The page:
Seen in the Press

Selected press clips highlighting California Sea Grant, our extension specialists, and funded researchers.

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  • The Tribune
    August 19, 2019

    In California, the native Olympia oyster — nearly wiped out by over-harvesting at the beginning of the 1900s — and the widely farmed Pacific oyster both call coastal estuaries their home.

    But the two species may soon be facing a housing crisis prompted by climate change, as new research originating from UC Davis and published in Limnology and Oceanography suggests their habitat may soon shrink.

    UC Davis environmental science and policy Professor Ted Grosholz led the study — funded by a California Sea Grant — with a team that included first author Jordan Hollarsmith, who is now a postdoctoral fellow at Vancouver’s Simon-Frasier University in Canada.

  • Eureka Times-Standard
    August 09, 2019

    A four-year academic study funded by California Sea Grant and conducted by lead researcher Ted Grosholz of UC Davis found that oyster habitats in bays and estuaries along the California coast can be impacted by climate change.

    The study, conducted from 2014-17, was performed in Tomales Bay and the research found that the greatest impact on oysters occurred in the earliest stages of development, particularly when the oyster was ready to start forming its shell.

  • San Francisco Chronicle
    August 08, 2019

    Even moderate changes in water temperature, acidity and dissolved oxygen make it harder for native and commercial oysters to grow their calcium-based shells, a situation that does not bode well for the future, concluded a paper published this week in the journal Limnology and Oceanography.

    It means the severe climatic changes predicted as the Earth warms over the next few decades could dramatically shrink the habitat for both farmed oysters and the native species that scientists have been trying desperately to restore, said Ted Grosholz, a professor of environmental science who led the study with funding from California Sea Grant.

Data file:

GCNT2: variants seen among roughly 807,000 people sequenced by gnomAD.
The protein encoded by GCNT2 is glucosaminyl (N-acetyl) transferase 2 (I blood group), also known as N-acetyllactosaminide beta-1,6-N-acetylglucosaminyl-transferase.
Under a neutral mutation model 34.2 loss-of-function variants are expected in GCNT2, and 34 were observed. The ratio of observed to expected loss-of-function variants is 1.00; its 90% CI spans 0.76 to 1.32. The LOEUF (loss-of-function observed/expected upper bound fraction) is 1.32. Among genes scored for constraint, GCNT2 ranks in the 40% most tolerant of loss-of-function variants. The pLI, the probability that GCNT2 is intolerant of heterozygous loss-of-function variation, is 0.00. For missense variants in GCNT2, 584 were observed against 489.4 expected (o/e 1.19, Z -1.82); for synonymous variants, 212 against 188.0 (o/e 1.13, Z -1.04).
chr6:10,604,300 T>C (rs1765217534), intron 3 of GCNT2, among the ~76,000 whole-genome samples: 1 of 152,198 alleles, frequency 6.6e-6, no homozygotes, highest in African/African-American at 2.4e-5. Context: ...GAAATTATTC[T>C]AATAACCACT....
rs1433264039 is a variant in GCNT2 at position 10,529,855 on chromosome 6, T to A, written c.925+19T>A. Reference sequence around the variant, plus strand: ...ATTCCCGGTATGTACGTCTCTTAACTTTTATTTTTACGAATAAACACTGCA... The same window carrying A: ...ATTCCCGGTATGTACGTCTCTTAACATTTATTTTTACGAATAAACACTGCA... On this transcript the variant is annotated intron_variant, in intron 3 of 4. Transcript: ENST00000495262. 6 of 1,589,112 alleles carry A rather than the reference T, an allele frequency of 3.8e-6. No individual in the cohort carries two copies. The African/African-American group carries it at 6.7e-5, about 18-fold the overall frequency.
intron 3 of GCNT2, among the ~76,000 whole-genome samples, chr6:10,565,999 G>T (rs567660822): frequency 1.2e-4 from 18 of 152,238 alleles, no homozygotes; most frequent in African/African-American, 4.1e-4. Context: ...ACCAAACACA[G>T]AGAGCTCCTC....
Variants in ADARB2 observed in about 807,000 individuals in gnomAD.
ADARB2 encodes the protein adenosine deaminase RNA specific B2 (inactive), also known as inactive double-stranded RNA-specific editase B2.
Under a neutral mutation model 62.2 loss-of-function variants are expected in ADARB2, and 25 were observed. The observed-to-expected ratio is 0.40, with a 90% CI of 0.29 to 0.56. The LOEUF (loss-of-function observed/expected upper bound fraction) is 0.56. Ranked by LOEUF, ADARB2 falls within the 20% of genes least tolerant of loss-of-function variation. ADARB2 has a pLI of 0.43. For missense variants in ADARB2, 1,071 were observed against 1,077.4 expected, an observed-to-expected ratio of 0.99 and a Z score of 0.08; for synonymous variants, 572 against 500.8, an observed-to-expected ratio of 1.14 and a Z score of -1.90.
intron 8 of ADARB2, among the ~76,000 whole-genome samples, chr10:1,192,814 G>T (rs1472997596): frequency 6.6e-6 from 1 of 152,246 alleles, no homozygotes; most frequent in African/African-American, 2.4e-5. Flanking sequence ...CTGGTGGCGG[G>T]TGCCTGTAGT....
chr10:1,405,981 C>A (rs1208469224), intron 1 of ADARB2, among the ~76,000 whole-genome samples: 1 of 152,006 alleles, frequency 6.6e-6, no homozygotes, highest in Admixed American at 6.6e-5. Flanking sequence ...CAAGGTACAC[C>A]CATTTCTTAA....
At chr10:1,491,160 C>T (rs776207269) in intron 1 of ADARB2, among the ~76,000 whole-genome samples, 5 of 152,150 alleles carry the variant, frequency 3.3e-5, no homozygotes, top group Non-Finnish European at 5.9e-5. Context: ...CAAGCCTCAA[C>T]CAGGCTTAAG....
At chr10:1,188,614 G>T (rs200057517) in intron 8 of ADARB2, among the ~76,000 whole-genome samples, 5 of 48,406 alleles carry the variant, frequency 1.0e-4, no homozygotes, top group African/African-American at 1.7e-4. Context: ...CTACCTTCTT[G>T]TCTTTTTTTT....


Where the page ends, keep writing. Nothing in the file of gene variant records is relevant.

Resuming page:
• San Diego Magazine
    July 31, 2019

    The current reward for commercial fishers’ sustainability efforts? Of the 7.1 billion pounds of seafood Americans eat annually, over 90 percent is imported. Theresa Talley, researcher at Scripps Institution of Oceanography, published a report that found only eight percent of San Diego’s 86 seafood markets consistently carried local fish. This is bad news in many, many ways.

  • San Diego Union-Tribune
    July 11, 2019

    The California condor’s dramatic recovery from near-extinction was aided by removal of toxic substances from the land, which accumulated in animals whose carrion they ate.

    But that recovery may be threatened in coastal condors by DDT-related contaminants in marine mammals, according to a preliminary study led by an SDSU researcher.

    Coastal-dwelling condors have more of these compounds than those living inland, the study found. These are presumably absorbed from marine mammal carcasses, said study leader Maggie Stack. This might explain why coastal condors have thinner eggshells than those inland.

    The preliminary findings were reported Wednesday by a team led by Stack, a California Sea Grant trainee and a graduate student at San Diego State University. Because the study has not been peer-reviewed, it requires further validation before it can be published, Stack said.

  • KQED
    June 09, 2019

    At the beginning of this century, the coho in the Russian River were almost completely eradicated.

    “We were seeing less than 10 adults returning to the Russian River watershed, when years ago there were thousands of fish returning,” says Mariska Obedzinski, who helps run California Sea Grant’s Russian River Salmon and Steelhead Monitoring Program.

    The Russian River watershed was once a stronghold for Central California’s coho salmon population, but Obedzinski says things like extreme habitat loss and drought years have led to the downturn.